The arts were an important aspect of my childhood: if I wasn’t in band or reading, what would I be doing? I wasn’t good at math, and while science was interesting, I didn’t like dealing with numbers. Music has numbers too, but it’s not complex like measurements.
When I heard about public schools cutting the arts to pay more attention to exercise, I was disappointed. When my university football program made itself to be in dire need of funds and pushing humanities to the side, I was shocked. People give money to athletic programs, but the arts get left with nothing.
Now, Trump wants to eliminate the National Endowment for the Humanities (NEH) and its sister agency National Endowment for the Arts (NEA). These are federally funded programs that have done so much for rural America, and saving lives through drawing, painting, reading, writing, music and theater.
I can’t explain the need for continued funding for the Arts in this post, but this article in Paste Magazine can, by looking at how low-income, at-risk children and war veterans will be affected by the proposed cut. And this article in Quartz, documenting how important the NEH is to America’s story.
Yes, we all need to know basic math. We need to embrace technology at work and learn how to use a computer and some software. We need to exercise and be healthy. But we also need to be creative and express who we are. You can’t express your feelings in a spreadsheet.
Journalists are held to a high standard, and plagiarism is (or should) be on the top of the list of no-no’s. Reporters have gotten fired for plagiarizing their stories so it’s a big deal.
This morning I was reading 13 Things You Need to Know Before Visiting Dairy Queen. I was intrigued by item #4 and clicked on the first link, which took me to Dairy Queen’s New Blizzard Is Gonna Blow Your Mind. Both were fun (and yummy) reads.
However, I noticed two things about the articles:
1) The opening sentences are too similar and copy each other
2) Both compared the Royal Blizzards in a similar fashion (and linked) to Ben & Jerry’s cores ice cream: the links were named differently, but only one word was changed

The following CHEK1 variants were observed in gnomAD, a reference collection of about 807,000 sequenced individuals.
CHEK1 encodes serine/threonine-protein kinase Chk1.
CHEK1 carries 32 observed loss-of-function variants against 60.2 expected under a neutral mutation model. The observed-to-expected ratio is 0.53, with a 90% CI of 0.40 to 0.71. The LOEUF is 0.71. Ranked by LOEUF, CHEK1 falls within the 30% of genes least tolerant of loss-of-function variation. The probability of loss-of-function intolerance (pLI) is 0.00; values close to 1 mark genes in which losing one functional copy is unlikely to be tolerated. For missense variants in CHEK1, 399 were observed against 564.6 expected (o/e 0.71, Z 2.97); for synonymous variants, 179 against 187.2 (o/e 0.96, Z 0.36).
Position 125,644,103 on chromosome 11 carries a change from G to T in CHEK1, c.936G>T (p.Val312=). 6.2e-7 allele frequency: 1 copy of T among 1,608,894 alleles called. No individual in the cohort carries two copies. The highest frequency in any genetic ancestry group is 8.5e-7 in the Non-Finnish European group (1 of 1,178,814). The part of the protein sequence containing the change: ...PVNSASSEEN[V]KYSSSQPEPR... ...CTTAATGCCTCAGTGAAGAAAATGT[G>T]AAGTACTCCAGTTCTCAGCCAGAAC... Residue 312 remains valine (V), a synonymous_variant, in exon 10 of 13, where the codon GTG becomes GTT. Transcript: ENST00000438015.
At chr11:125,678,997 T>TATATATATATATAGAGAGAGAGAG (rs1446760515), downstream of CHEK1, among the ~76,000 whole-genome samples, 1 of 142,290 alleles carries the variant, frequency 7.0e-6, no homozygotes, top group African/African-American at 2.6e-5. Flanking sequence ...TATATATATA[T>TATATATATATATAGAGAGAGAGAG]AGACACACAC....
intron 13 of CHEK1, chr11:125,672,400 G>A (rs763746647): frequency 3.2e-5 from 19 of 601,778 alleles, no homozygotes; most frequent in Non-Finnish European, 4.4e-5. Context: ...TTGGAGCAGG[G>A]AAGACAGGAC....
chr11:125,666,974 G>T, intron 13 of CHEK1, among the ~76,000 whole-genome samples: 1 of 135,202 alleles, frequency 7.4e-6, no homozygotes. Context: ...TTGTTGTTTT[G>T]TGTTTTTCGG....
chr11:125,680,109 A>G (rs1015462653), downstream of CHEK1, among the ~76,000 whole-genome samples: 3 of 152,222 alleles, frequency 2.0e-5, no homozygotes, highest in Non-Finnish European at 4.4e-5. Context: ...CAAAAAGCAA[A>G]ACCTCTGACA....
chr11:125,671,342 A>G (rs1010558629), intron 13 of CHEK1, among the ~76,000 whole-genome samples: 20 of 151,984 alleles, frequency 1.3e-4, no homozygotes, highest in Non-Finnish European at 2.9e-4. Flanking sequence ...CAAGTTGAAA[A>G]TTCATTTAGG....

In terms of competition–because every media outlet both online and on TV want to be the first to publish information first–it could be coincidence that the two articles are as such. Maybe the authors share a brain and came up with the same content, unbeknownst to each other?
I don’t know which annoys me more, the first item or second. I understand that bloggers read other blogs and link to each other in stories, but one couldn’t come up with a different opening sentence? (Ok I guess the first item annoys me more).
Writers, how do you make sure that you’re not plagiarizing your content? Am I completely wrong in comparing these two articles and citing one plagiarized the other? Let me know in the comments!
I just finished reading Bon Appetit’s list of the fast food chains that are going to be huge, and despite the comments, I like the selection. Granted that majority of the restaurants I’ve never heard of I think the list is pretty good. (FYI, out of the 32 places on the list, only five are in Hawaii!)
From the list, I LOVE Sonic, Five Guys, Panera Bread and Popeye’s. I want to try Shake Shack and Habit Burger Grill. Do you agree with the magazine’s list? What other fast food places do you think should have been included? Let me know in the comments!
I’m currently writing the introduction AND a 100 word blurb for Abstract Magazine’s “Favorite Time of Day” feature. When I received a response from the editor in regards to freelancing, he was excited to take my work.